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When it’s time to find a grownup not groundbreaking haircut

— by Alyson Walsh

Photo: Claire Pepper

I used to be a haircut junkie – happy to spend hours in the chair at the Vidal Sassoon Academy being given crazy haircuts and colours every six weeks, says Harriet (Hat) Margolies. That morphed into a long standing (10-year plus) relationship with the first hairdresser I’d met who understood my hair and what made it look great. Who didn’t expect me to brush my curly hair (no thanks, too frizzy) and dry it (too fluffy); show me a volumising shampoo and I’ll run in the opposite direction. But times have changed – with one child and a job I could still trek across London to my trusted hair stylist, but by the time I was in my forties with two daughters, it was as much as I could manage to skulk to the local hairdresser and get my ‘bottle brush’ hair trimmed once a year.

The thing is – I have tricky hair – fine, wavy, frizzy and lots of it.  And a creative job, which means I have to meet people and impress them with my visual sense on a regular basis, but I don’t feel cool enough for trendy salons anymore.  And I have children who are rude about my hair when it looks shit.  When I looked in the mirror and saw Ross Noble staring back, it was the last straw. Something had to be done.

Photo: Ena Salon

When Alyson suggests accompanying her to Ena Salon for a haircut, I pretty much bite her hand off. The salon itself is relaxing and grown-up – no banging music, instead I’m offered good coffee and homemade biscuits. My stylist Gianna Poullou looks at my hair, listens to what I say about how I usually dry and style it (ie no hairdryer) and what’s frustrating me about it now (everything) and then after a lovely wash and head massage she cuts it. It’s a beautiful simple cut, designed to suit my hair and my low/no-maintenance regime and then she shows me how to style it myself. Turns out I’ve not been using enough product. What’s required is a two pence coin-sized amount per each side of the head – and to apply, gently scrunch the hair (I know, it’s not tacky and 1980s, it works) and then, LEAVE it alone. The products she uses are all from Davines, natural and with a light but very pleasing smell.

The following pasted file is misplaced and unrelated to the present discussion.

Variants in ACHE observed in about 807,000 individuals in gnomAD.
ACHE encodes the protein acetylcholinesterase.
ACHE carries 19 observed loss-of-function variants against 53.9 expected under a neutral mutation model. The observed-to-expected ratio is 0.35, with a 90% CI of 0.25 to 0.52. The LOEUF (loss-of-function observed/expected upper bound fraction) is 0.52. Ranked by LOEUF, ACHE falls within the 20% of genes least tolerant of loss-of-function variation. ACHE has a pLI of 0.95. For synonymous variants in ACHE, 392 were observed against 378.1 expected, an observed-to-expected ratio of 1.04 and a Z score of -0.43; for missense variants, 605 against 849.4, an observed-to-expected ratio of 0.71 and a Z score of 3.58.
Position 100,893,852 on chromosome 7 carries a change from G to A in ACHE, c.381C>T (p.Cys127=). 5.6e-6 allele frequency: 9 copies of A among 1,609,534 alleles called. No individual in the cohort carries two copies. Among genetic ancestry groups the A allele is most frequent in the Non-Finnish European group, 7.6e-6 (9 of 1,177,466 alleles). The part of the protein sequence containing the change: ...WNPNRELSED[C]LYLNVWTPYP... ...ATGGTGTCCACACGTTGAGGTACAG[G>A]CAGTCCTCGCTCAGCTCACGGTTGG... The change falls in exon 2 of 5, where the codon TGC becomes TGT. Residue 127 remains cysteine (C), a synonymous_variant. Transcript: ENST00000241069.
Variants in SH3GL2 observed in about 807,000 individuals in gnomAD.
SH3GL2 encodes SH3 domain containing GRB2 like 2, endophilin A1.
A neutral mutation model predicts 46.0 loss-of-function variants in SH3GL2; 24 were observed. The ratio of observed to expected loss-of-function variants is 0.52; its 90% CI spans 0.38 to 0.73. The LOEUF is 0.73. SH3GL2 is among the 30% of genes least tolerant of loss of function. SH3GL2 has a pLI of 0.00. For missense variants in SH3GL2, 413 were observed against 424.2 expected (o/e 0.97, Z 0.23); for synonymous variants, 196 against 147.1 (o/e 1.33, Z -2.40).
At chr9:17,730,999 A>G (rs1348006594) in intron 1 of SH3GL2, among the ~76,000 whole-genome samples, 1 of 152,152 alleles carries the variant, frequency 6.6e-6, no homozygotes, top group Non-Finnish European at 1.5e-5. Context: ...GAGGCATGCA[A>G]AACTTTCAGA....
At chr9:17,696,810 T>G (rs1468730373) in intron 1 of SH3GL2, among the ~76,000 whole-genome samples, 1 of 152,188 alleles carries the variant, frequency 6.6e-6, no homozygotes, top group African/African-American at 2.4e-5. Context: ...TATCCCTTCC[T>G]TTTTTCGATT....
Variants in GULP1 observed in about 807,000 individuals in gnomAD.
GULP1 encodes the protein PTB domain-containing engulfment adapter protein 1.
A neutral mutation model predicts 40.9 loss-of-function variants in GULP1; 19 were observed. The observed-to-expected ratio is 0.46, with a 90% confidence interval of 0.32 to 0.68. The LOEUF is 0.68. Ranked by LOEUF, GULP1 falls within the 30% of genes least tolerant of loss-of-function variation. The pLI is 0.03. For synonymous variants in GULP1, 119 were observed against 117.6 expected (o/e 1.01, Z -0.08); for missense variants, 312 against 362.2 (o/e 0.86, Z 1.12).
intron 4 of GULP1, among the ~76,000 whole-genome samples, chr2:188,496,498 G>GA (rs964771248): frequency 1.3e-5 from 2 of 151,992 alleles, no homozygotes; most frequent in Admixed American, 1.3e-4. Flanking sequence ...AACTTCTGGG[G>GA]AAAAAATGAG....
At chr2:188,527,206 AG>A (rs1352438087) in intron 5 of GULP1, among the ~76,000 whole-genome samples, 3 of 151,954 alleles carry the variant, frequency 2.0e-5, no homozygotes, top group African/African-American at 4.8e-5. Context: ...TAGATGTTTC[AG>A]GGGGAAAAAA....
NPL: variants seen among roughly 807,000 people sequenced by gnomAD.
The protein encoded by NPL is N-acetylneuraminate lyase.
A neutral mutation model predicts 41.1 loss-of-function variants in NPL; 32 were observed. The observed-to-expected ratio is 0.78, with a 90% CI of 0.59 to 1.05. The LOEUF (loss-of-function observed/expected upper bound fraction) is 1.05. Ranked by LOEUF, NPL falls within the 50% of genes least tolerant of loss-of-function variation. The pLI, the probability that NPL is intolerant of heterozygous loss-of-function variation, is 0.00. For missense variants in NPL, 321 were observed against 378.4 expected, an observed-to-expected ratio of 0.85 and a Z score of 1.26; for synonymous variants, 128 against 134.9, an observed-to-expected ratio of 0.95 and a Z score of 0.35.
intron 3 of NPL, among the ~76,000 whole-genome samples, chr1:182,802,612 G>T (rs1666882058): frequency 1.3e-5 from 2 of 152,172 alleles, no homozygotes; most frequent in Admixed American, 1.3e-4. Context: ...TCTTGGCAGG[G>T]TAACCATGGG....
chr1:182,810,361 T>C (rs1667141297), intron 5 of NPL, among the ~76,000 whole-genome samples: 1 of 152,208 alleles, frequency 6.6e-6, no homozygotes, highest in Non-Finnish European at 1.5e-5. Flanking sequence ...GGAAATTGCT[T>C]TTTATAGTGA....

Haircut happiness. Photo: Claire Pepper

I leave the salon with a lovely wavy, shoulder length cut that makes the most of my natural hair texture. Even better, after a few days, when I wash and style it myself following Gianna’s instructions – it looks nearly as good as when I left the salon. After a few days, the curl drops into a more manageable wave. This haircut may not be as groundbreaking and edgy as some I‘ve had in the past but I can make it look good and it makes me feel good. I think I have found the holy grail of haircuts.

What to do with wavy hair in summer:

A good cut in summer helps the most. Gianna added a few shorter strands around my face that soften the look when my hair’s tied back. I tend to opt for a loose plait in summer – this means I can tie my hair up in the day and let it loose at night, when it’s cooler.

And here are some curly hair products I’ve tried:

 

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Hat was a guest of Ena Salon, 5 Great Queen Street, London WC2 (020 3 301 5451) or [email protected] Style note: wrap dress from a selection at Boden, sandals from Menage Modern Vintage. Hair & makeup by Louise Heywood. Louise does one-to-one makeup lessons in her south London studio for ‘women who like to keep it subtle’.

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I used to be a haircut junkie – happy to spend hours in the chair at the Vidal Sassoon Academy being given crazy haircuts and colours every six weeks, says Harriet (Hat) Margolies. That morphed …